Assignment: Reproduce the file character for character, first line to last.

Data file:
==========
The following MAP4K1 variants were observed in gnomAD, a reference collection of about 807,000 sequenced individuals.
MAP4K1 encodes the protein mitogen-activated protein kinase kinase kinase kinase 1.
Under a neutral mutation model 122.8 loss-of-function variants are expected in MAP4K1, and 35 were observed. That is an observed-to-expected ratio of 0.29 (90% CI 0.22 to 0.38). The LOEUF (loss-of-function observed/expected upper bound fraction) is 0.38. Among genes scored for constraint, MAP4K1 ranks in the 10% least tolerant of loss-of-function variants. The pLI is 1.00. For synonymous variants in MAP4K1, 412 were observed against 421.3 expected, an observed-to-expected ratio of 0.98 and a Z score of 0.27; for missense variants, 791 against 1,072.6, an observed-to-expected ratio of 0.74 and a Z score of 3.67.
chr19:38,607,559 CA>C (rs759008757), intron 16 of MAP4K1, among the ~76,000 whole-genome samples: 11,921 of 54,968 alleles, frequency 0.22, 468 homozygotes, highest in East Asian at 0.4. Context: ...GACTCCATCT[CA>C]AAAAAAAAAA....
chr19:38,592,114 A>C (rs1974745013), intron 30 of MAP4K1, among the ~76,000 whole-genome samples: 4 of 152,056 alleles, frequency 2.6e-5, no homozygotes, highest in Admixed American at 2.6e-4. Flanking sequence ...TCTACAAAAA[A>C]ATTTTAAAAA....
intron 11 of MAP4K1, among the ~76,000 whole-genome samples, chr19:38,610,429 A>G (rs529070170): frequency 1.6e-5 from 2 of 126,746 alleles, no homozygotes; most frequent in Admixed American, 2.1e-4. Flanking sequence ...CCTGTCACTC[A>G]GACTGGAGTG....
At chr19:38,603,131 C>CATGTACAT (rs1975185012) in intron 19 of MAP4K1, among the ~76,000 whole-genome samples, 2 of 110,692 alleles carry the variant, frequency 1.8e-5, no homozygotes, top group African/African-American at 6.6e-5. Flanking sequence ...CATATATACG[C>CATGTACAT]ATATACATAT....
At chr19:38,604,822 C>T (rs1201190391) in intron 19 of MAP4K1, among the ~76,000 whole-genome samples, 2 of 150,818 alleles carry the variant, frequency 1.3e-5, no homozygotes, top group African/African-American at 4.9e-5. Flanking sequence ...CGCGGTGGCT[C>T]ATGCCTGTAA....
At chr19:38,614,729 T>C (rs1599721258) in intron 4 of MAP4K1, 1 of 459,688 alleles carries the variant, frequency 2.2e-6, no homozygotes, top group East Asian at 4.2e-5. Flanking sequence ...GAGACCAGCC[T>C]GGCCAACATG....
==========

The following MAP4K1 variants were observed in gnomAD, a reference collection of about 807,000 sequenced individuals.
MAP4K1 encodes the protein mitogen-activated protein kinase kinase kinase kinase 1.
Under a neutral mutation model 122.8 loss-of-function variants are expected in MAP4K1, and 35 were observed. That is an observed-to-expected ratio of 0.29 (90% CI 0.22 to 0.38). The LOEUF (loss-of-function observed/expected upper bound fraction) is 0.38. Among genes scored for constraint, MAP4K1 ranks in the 10% least tolerant of loss-of-function variants. The pLI is 1.00. For synonymous variants in MAP4K1, 412 were observed against 421.3 expected, an observed-to-expected ratio of 0.98 and a Z score of 0.27; for missense variants, 791 against 1,072.6, an observed-to-expected ratio of 0.74 and a Z score of 3.67.
chr19:38,607,559 CA>C (rs759008757), intron 16 of MAP4K1, among the ~76,000 whole-genome samples: 11,921 of 54,968 alleles, frequency 0.22, 468 homozygotes, highest in East Asian at 0.4. Context: ...GACTCCATCT[CA>C]AAAAAAAAAA....
chr19:38,592,114 A>C (rs1974745013), intron 30 of MAP4K1, among the ~76,000 whole-genome samples: 4 of 152,056 alleles, frequency 2.6e-5, no homozygotes, highest in Admixed American at 2.6e-4. Flanking sequence ...TCTACAAAAA[A>C]ATTTTAAAAA....
intron 11 of MAP4K1, among the ~76,000 whole-genome samples, chr19:38,610,429 A>G (rs529070170): frequency 1.6e-5 from 2 of 126,746 alleles, no homozygotes; most frequent in Admixed American, 2.1e-4. Flanking sequence ...CCTGTCACTC[A>G]GACTGGAGTG....
At chr19:38,603,131 C>CATGTACAT (rs1975185012) in intron 19 of MAP4K1, among the ~76,000 whole-genome samples, 2 of 110,692 alleles carry the variant, frequency 1.8e-5, no homozygotes, top group African/African-American at 6.6e-5. Flanking sequence ...CATATATACG[C>CATGTACAT]ATATACATAT....
At chr19:38,604,822 C>T (rs1201190391) in intron 19 of MAP4K1, among the ~76,000 whole-genome samples, 2 of 150,818 alleles carry the variant, frequency 1.3e-5, no homozygotes, top group African/African-American at 4.9e-5. Flanking sequence ...CGCGGTGGCT[C>T]ATGCCTGTAA....
At chr19:38,614,729 T>C (rs1599721258) in intron 4 of MAP4K1, 1 of 459,688 alleles carries the variant, frequency 2.2e-6, no homozygotes, top group East Asian at 4.2e-5. Flanking sequence ...GAGACCAGCC[T>C]GGCCAACATG....